paraphyletic group of annelids
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Polychaetes, or bristle worms, are a class of annelid worms.

A variety of marine worms
from Das Meer, M.J. Schleiden (1804–1881).
Scientific classification

Grube, 1850
Christmas tree worms (Spirobranchus giganteus) from East Timor.
Sabellastarte indica
Tomopteris from plankton

They are generally found in a marine environment. There are more than 10,000 known species in this class. They are ancient animals, dating back to 518 million years ago. They are first found in the early Cambrian fossil beds of Sirius Passet in Greenland.[1]

Each of their body segments has some fleshy protrusions that stand out. These 'parapodia' have many bristles, which are made of chitin. This is different from the Oligochaeta, which are similar in form, but only have a few bristles.

Common species are the lugworm, and the clam worm Nereis (which is sometimes also called a 'sandworm').[2]



Polychaetes are segmented worms, generally less than 10 centimetres (3.9 in) in length, although ranging at the extremes from 1 millimetre (0.039 in) to 3 metres (9.8 ft). They are often brightly coloured, and may be iridescent or even luminescent.

Each segment bears a pair of paddle-like parapodia, which are used for movement. In many species, the parapodia, well supplied with blood vessels, act as the worm's primary respiratory surfaces. Bundles of bristles stick out from the parapodia.[2]

Some bristle worms have poison bristles. The bristles will break off in the skin of a predator that tries to pick up the animal and sting the predator painfully.[3]

The head, or prostomium, is relatively well developed, compared with other annelids. It is forward over the mouth, which lies on the animal's underside. The head normally includes two to four pair of eyes, although there are some blind species. These eyes are fairly simple structures, capable of distinguishing between light and dark. Some species have large eyes with lenses that may be capable of real vision.[2]

The head also includes a pair of antennae, tentacle-like palps, and a pair of pits lined with cilia, known as "nuchal organs". These latter appear to be chemoreceptors which help the worm seek out food.[2]



Polychaetes vary in form and lifestyle. Most burrow or build tubes in the sediment, some swim among the plankton, and some live as commensals. A few are parasitic.

The mobile forms tend to have well-developed sense organs and jaws, while the stationary forms lack them, but may have specialized gills or tentacles used for respiration and deposit or filter feeding, e.g., fanworms.

A few groups have evolved to live in terrestrial environments, but are restricted to humid areas. Some have even evolved tubes that open inwards from the skin which work like simple lungs, absorbing oxygen from the air and allowing release of waste gases.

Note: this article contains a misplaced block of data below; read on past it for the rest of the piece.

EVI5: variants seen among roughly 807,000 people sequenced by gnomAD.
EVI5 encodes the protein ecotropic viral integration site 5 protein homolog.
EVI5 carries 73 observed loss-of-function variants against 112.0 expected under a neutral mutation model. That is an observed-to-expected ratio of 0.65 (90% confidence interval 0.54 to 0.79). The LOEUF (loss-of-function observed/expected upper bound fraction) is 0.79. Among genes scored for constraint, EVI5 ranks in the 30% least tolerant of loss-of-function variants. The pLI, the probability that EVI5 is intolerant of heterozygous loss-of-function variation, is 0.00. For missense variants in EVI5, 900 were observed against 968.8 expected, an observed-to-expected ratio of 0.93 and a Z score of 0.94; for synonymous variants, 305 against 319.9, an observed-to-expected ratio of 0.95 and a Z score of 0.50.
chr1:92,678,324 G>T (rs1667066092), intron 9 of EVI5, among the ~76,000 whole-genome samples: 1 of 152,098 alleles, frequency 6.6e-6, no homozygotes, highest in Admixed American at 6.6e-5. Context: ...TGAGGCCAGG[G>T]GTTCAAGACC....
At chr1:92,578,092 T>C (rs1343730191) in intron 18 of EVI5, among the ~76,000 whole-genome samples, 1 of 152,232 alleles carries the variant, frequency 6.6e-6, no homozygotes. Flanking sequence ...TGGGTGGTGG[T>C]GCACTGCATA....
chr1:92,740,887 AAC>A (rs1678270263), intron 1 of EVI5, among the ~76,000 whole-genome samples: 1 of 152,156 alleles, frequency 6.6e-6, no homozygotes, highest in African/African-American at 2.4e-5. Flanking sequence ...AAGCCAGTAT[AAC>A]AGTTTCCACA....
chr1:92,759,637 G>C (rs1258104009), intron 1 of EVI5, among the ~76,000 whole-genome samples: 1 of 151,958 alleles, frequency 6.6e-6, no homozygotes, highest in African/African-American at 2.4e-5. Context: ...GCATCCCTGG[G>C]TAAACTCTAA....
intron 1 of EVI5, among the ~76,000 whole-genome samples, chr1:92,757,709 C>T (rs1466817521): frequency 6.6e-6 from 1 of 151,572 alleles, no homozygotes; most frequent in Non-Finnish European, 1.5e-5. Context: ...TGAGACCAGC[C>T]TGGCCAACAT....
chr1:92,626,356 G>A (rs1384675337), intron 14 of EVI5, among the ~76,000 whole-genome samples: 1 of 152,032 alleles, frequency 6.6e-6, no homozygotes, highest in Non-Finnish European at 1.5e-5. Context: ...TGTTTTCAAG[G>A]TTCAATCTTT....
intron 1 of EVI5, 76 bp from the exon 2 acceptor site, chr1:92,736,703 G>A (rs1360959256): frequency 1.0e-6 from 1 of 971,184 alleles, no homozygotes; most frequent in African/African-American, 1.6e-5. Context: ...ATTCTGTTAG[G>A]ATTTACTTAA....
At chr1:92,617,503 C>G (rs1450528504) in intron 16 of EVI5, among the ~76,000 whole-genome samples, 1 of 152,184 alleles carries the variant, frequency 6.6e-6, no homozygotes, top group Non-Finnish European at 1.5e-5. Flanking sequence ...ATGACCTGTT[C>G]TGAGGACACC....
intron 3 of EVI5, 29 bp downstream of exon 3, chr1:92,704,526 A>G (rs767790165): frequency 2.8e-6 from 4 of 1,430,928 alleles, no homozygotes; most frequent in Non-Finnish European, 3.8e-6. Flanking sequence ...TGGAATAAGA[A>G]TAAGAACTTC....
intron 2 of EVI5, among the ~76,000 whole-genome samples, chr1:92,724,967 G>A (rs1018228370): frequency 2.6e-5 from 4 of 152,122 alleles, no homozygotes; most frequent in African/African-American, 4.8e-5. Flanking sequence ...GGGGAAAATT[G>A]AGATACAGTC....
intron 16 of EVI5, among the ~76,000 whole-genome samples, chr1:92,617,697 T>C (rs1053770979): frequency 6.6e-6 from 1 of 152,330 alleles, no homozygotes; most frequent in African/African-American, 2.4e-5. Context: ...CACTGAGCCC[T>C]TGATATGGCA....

Notable polychaetes
  • One notable polychaete, the Pompeii worm (Alvinella pompejana) is endemic to the hydrothermal vents of the Pacific Ocean. Pompeii worms are among the most heat-tolerant metazoan animals known.
  • A recently discovered genus, Osedax, includes a species nicknamed the "bone-eating snot flower".[4]
  • Another remarkable polychaete is Hesiocaeca methanicola, which lives on methane clathrate deposits.
  • Lamellibrachia luymesi is a cold seep tube worm which reaches lengths of over 3 meters, and may be the most long-lived animal at over 250 years old.
  • A still unclassified multi-legged predatory polychaete worm was identified only by observation from the underwater vehicle Nereus at the bottom of the Challenger Deep, the greatest depth in the oceans, near 10,902 m (35,768 ft) depth. It was about an inch long visually, but the probe failed to capture it, so it could not be studied in detail.[5]
  • Eunice aphroditois is a sea-floor predator which catches and eats fish bigger than itself.

Bristle worm diet


Most bristle worms are scavengers, but some are good predators, eating fishes and coral. Others like to eat algae. They are usually found hiding in reefs and rocky places. They crawl along the sea floor or the bottom of a tide pool, looking for something to eat.[2]


  1. Morris S.C. & Peel J. S. 2008. The earliest annelids: Lower Cambrian polychaetes from the Sirius Passet lagerstätte, Peary Land, North Greenland. Acta Palaeontologica Polonica 53: 137. [1]
  2. 2.0 2.1 2.2 2.3 2.4 Barnes, Robert D. 1982. Invertebrate zoology. Philadelphia, PA: Holt-Saunders International. pp. 469–525. ISBN 0-03-056747-5.
  3. James, William D.; Berger, Timothy G.; et al. 2006. Andrews' Diseases of the skin: clinical dermatology. Saunders Elsevier. ISBN 0-7216-2921-0
  4. "'Zombie worms' found off Sweden". BBC News. 18 October 2005. Retrieved 12 February 2010.
  5. Accessed Oct. 8, 2009 Archived 1996-10-27 at the Wayback Machine Geography of the ocean floor near Guam with some notes on exploration of the Challenger Deep.